Summer is here. It is time for me to take a break from posting to this blog. So I will write this one last blog entry and then will take a break until August.
The past few weeks have been interesting. The PRC has aggressively moved into the “Southeast Asian Mediterranean,” and a debate has taken place over a book about Vietnamese origins. These two events should not be related, but in actuality they are, and that is a problem.
Recently an author by the name of Tạ Đức has written a book about Vietnamese origins that places the origins of the Vietnamese in China, and his book has been criticized by scholars as diverse as Trần Trọng Dương and Hà Văn Thùy, and has received a more politically motivated critique from Bùi Xuân Đính.
I agree with Tạ Đức’s criticisms of Hà Văn Thùy’s ideas, but I also agree with Trần Trọng Dương’s criticisms of Tạ Đức’s scholarship.
Ultimately, Tạ Đức and Hà Văn Thùy are two authors who 1) do not have the ability to read primary sources (in classical Chinese = Hán) and 2) also do not have the ability to understand sources in foreign languages – French, English, etc. And by “understand,” I mean that they cannot read sources in foreign languages and evaluate the degree to which those sources are reliable (Tạ Đức has pointed this out for Hà Văn Thùy and I think I have pointed this out for Tạ Đức).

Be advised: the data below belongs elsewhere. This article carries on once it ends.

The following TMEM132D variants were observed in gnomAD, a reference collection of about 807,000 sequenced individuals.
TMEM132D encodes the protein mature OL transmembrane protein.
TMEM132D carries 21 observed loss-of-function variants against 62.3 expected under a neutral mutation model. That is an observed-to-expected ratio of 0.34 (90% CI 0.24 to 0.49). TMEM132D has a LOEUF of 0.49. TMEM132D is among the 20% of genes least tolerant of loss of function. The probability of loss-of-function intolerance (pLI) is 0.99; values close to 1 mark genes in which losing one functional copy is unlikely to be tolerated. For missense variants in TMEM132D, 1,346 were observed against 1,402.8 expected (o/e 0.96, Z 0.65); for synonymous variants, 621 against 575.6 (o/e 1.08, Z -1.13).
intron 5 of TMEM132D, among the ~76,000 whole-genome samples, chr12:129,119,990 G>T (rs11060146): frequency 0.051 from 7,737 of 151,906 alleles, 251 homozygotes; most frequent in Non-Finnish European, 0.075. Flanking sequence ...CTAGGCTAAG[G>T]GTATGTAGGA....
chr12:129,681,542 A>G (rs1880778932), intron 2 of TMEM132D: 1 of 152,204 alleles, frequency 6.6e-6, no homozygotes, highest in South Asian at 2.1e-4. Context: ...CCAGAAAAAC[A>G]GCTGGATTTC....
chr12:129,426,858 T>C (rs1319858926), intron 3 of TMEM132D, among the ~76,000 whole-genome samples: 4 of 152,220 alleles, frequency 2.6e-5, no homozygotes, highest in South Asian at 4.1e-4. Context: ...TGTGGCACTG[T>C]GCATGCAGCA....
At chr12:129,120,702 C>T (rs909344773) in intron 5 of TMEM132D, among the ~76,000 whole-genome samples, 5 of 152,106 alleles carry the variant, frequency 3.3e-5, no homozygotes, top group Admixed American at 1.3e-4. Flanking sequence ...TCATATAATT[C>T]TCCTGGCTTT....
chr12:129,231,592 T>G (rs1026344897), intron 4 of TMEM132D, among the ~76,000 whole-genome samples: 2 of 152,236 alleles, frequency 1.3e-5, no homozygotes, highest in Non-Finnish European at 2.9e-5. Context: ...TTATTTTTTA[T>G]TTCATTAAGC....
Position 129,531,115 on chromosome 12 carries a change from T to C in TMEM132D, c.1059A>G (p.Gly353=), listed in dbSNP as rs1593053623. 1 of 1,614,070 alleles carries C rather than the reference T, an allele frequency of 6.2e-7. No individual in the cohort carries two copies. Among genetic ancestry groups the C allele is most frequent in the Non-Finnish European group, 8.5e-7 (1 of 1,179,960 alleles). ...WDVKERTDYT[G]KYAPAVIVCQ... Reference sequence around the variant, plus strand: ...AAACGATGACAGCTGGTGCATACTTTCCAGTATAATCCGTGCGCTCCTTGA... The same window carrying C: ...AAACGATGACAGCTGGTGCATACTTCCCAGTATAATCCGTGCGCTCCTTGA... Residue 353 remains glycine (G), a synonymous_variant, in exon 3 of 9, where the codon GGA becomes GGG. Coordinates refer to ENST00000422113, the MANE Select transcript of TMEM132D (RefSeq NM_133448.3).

There are therefore problems with the scholarship of both Tạ Đức and Hà Văn Thùy, but the real problem is that there is no serious alternative to their scholarship.
The “official” view of the Vietnamese past has not changed since the early 1970s. The interpretation of Vietnamese history that was produced at that time was produced during wartime and had the purpose of mobilizing people to unite together to defend and build the nation.
That was a very important task, and the historical interpretations from that time served that purpose exceptionally well.
The problem now is that Vietnam is no longer at war, and the nation has already been established. What is more, thousands of its citizens have now studied abroad and have been exposed to more complex ways of viewing the world and the past. As a result, the “same old story” doesn’t satisfy the younger generation.
More importantly, the orthodox version of the past is not sophisticated enough to deal with the complexities of the present.
The past is complex and the present is complex. When the past is presented in simplistic ways (as Tạ Đức and Hà Văn Thùy have done and as the official history does) then it makes it very difficult for people to be able to conceptualize effective ways to deal with the present.
Unfortunately for Vietnam, no one is attempting to conceptualize the past in complex ways. Unofficial historians like Tạ Đức and Hà Văn Thùy make their ideas known, but professional historians remain silent (as Nguyễn Hòa has noted), or simply repeat the same ideas that have existed since the early 1970s.
The problem is that it’s 2014 already, and the world is a lot more complex now than it was back then.
So having said that, I’m now going to celebrate 2014 by going to Borneo and getting a tattoo in order to “thoát Tàu” (escape China) and experience “real” Southeast Asian culture.
Thank you everyone for reading and commenting (either here or on fb). I hope you have learned as much from me as I have learned from you. And I look forward to continuing the conversation in August.